4.     Case Note

Students are provided with a specific legal case. The general format of the task is to provide analysis of the case, such as by identifying the legal issues, the reasoning behind the judge’s decision and any other significant comment on other pertinent matters. The case note also requires ‘commentary’ by the student. This is the student’s own analysis of the significant issues raised by the case. The student discussion may include suggestions as to possible law reform, or as to why the student agrees or disagrees with the judgment made. Secondary sources may be used in this commentary. The case note assessment provides considerable opportunity for students to develop critical legal thinking, for student reflection and deep learning.

 5.     Court Report

Combining significant aspects of ‘experiential learning’ the court report assists in developing a student’s conceptual understanding of the law. The assessment task can be both specific and general, meaning it can be adapted to different stages of the program. In a general approach, students are invited to think about various aspects of ‘the trial’ for example, or ‘court processes’ or other aspects of the adversarial system of justice. Many of these approaches may have been discussed in class, and there may be considerable primary and secondary source material available. Students attend courts and describe their observations within the context of the class themes. A more specific approach would be for students in a particular course to attend a particular type of court or tribunal  then to report on the specific operation of that  body in the context of their specific course, or even in relation to a particular legislative or common law provision (for example a section of the Evidence Act).  There are often further detailed instructions issued to students.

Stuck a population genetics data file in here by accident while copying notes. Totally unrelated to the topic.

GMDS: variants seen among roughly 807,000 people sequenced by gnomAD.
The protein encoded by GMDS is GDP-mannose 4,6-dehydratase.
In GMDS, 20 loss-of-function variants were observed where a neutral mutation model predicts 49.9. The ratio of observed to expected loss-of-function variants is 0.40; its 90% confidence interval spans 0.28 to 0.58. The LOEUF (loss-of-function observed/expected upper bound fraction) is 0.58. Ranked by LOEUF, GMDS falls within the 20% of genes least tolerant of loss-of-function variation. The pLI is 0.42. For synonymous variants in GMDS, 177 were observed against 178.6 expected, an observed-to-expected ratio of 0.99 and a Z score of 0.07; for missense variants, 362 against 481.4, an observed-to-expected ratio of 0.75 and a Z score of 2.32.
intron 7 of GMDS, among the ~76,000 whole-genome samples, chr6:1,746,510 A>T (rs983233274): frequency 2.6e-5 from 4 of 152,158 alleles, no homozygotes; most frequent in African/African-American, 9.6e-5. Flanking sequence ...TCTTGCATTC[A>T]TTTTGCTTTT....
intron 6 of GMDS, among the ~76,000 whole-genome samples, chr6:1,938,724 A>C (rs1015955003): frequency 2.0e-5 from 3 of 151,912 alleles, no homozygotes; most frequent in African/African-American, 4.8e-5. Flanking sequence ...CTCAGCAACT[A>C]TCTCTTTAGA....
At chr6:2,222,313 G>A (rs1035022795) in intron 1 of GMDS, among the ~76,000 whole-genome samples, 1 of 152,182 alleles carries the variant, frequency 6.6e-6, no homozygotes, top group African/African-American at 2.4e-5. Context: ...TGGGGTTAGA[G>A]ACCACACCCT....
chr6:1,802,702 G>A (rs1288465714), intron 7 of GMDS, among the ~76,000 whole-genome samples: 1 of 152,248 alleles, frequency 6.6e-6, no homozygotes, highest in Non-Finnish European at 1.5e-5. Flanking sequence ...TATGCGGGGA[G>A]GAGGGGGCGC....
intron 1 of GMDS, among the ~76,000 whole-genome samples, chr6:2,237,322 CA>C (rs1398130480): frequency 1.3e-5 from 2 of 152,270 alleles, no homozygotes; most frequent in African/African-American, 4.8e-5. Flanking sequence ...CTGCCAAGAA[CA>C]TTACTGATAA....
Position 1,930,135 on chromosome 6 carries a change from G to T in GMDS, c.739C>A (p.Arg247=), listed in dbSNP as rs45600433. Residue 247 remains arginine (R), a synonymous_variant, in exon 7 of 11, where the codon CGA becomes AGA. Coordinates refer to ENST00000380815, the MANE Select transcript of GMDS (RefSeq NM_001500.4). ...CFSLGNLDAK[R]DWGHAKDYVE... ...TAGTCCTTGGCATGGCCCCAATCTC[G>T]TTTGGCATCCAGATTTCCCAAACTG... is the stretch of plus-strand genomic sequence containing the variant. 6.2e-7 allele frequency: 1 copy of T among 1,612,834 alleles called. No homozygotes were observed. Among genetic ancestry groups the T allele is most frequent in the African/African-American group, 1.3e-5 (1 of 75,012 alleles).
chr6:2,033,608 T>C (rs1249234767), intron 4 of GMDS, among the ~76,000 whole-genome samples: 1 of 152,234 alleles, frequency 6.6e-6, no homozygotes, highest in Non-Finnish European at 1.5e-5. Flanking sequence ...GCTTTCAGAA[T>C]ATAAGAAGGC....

Format requirements

The default style requirements for essay style assessments in the Law School are:

  • Assignments should be typed and provide sufficient margin areas for markers comments.